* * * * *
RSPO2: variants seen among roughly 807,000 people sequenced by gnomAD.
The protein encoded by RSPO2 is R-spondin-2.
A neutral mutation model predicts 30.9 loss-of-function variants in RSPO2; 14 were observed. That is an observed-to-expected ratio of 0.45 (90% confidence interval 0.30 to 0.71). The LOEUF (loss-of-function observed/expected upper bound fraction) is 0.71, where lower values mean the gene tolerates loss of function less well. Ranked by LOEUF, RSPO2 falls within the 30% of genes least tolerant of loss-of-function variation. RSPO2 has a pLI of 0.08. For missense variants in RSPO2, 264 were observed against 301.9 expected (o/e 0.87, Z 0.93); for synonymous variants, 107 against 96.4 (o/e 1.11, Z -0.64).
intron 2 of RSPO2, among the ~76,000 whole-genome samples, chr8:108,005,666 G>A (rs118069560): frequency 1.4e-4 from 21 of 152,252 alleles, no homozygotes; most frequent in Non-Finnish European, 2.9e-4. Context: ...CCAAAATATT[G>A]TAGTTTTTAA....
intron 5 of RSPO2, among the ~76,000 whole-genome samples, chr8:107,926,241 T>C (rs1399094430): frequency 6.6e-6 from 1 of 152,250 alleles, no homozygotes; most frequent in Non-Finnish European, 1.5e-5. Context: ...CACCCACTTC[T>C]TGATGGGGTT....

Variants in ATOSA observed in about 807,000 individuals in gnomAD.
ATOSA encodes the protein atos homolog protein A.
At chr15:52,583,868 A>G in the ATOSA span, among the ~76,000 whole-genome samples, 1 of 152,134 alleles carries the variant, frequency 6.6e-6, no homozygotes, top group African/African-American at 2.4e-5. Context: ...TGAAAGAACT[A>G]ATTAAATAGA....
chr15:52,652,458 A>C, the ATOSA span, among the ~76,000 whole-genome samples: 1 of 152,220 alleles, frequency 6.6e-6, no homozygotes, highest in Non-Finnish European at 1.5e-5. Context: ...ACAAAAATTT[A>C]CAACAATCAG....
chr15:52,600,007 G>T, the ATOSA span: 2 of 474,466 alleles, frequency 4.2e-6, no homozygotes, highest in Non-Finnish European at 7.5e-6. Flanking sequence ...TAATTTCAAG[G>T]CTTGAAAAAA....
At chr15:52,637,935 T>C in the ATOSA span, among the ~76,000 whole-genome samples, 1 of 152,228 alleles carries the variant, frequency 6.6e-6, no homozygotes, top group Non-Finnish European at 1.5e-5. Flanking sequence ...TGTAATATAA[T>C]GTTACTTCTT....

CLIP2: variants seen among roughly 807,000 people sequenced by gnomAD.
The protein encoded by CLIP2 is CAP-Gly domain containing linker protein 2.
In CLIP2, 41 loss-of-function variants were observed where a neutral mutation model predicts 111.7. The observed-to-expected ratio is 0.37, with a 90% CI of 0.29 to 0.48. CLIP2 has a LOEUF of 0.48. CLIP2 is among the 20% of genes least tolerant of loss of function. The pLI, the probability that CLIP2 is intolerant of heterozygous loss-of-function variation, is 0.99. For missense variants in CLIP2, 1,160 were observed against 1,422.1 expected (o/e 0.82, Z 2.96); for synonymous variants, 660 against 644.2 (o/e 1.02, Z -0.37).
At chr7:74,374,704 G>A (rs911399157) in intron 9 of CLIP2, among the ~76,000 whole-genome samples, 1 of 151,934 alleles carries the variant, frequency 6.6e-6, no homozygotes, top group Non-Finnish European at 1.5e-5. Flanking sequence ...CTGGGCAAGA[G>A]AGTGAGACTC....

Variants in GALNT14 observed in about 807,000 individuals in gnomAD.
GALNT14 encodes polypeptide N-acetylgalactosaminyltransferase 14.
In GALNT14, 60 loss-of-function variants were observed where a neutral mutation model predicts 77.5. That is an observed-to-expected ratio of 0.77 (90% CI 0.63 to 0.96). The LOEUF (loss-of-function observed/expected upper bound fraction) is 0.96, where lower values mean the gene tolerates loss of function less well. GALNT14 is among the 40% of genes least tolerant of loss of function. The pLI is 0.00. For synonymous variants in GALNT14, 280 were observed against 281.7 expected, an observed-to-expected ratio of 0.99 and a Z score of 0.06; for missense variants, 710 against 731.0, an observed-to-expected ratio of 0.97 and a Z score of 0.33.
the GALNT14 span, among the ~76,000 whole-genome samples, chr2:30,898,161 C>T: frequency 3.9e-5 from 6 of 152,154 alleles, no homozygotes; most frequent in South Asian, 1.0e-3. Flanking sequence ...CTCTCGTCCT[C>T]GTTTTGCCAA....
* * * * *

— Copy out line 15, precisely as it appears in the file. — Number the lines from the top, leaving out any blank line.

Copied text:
At chr7:74,374,704 G>A (rs911399157) in intron 9 of CLIP2, among the ~76,000 whole-genome samples, 1 of 151,934 alleles carries the variant, frequency 6.6e-6, no homozygotes, top group Non-Finnish European at 1.5e-5. Flanking sequence ...CTGGGCAAGA[G>A]AGTGAGACTC....